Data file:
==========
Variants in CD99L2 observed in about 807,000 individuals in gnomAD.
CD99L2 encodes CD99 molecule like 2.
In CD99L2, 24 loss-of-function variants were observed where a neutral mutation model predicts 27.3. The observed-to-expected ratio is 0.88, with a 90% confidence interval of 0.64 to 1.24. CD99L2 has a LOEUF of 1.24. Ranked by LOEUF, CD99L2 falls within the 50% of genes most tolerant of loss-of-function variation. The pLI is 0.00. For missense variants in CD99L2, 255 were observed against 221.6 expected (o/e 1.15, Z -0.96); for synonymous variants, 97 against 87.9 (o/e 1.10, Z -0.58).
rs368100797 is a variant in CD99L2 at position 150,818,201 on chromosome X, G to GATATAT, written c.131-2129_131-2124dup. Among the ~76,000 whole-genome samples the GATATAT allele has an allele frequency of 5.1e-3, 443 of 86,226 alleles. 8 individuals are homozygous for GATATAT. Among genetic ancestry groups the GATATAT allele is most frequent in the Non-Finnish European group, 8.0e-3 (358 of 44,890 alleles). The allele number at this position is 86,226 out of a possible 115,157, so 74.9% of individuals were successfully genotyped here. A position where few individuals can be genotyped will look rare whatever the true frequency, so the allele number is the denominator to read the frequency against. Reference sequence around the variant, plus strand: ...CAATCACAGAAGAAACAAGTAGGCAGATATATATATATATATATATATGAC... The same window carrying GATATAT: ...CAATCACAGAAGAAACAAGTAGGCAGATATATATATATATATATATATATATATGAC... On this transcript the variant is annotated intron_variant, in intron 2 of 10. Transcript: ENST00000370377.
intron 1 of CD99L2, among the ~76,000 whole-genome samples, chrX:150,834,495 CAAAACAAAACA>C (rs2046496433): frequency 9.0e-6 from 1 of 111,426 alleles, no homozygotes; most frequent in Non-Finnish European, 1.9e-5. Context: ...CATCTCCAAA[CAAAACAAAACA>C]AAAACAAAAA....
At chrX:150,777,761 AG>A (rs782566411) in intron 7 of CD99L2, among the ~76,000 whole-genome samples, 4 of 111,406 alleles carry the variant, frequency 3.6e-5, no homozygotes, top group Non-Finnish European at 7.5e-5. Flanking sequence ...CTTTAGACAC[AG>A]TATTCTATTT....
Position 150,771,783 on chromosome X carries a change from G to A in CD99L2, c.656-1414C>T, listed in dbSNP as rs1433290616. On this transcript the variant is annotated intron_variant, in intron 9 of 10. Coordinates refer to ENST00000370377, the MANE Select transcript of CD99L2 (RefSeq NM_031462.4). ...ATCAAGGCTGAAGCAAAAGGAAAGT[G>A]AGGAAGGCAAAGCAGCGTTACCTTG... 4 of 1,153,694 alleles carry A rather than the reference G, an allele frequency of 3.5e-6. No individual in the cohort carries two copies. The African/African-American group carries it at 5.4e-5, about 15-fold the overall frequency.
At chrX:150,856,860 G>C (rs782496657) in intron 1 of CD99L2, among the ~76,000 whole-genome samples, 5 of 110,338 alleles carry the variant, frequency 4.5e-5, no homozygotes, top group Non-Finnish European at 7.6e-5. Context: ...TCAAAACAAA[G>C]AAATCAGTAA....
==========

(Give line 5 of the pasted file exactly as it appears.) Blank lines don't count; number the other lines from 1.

intron 1 of CD99L2, among the ~76,000 whole-genome samples, chrX:150,834,495 CAAAACAAAACA>C (rs2046496433): frequency 9.0e-6 from 1 of 111,426 alleles, no homozygotes; most frequent in Non-Finnish European, 1.9e-5. Context: ...CATCTCCAAA[CAAAACAAAACA>C]AAAACAAAAA....